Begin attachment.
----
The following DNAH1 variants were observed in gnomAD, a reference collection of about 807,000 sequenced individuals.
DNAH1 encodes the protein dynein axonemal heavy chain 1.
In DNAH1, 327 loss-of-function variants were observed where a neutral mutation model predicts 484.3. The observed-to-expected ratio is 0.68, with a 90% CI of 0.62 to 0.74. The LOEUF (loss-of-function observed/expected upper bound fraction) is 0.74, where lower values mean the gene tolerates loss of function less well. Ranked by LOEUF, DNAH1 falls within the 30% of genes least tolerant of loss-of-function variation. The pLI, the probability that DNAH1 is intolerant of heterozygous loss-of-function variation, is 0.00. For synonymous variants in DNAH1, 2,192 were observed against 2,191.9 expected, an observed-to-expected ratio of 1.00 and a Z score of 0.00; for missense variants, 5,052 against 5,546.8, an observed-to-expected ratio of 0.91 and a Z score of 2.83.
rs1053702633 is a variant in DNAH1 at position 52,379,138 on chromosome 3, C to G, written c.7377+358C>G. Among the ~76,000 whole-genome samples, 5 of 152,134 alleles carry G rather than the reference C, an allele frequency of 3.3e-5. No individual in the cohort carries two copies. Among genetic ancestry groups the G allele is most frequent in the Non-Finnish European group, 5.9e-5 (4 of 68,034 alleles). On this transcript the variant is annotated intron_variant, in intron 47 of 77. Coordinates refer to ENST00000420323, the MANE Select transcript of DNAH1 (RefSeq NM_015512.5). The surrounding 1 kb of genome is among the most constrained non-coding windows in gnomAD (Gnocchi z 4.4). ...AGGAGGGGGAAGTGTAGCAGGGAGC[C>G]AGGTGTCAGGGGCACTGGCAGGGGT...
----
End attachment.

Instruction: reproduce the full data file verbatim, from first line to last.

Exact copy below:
The following DNAH1 variants were observed in gnomAD, a reference collection of about 807,000 sequenced individuals.
DNAH1 encodes the protein dynein axonemal heavy chain 1.
In DNAH1, 327 loss-of-function variants were observed where a neutral mutation model predicts 484.3. The observed-to-expected ratio is 0.68, with a 90% CI of 0.62 to 0.74. The LOEUF (loss-of-function observed/expected upper bound fraction) is 0.74, where lower values mean the gene tolerates loss of function less well. Ranked by LOEUF, DNAH1 falls within the 30% of genes least tolerant of loss-of-function variation. The pLI, the probability that DNAH1 is intolerant of heterozygous loss-of-function variation, is 0.00. For synonymous variants in DNAH1, 2,192 were observed against 2,191.9 expected, an observed-to-expected ratio of 1.00 and a Z score of 0.00; for missense variants, 5,052 against 5,546.8, an observed-to-expected ratio of 0.91 and a Z score of 2.83.
rs1053702633 is a variant in DNAH1 at position 52,379,138 on chromosome 3, C to G, written c.7377+358C>G. Among the ~76,000 whole-genome samples, 5 of 152,134 alleles carry G rather than the reference C, an allele frequency of 3.3e-5. No individual in the cohort carries two copies. Among genetic ancestry groups the G allele is most frequent in the Non-Finnish European group, 5.9e-5 (4 of 68,034 alleles). On this transcript the variant is annotated intron_variant, in intron 47 of 77. Coordinates refer to ENST00000420323, the MANE Select transcript of DNAH1 (RefSeq NM_015512.5). The surrounding 1 kb of genome is among the most constrained non-coding windows in gnomAD (Gnocchi z 4.4). ...AGGAGGGGGAAGTGTAGCAGGGAGC[C>G]AGGTGTCAGGGGCACTGGCAGGGGT...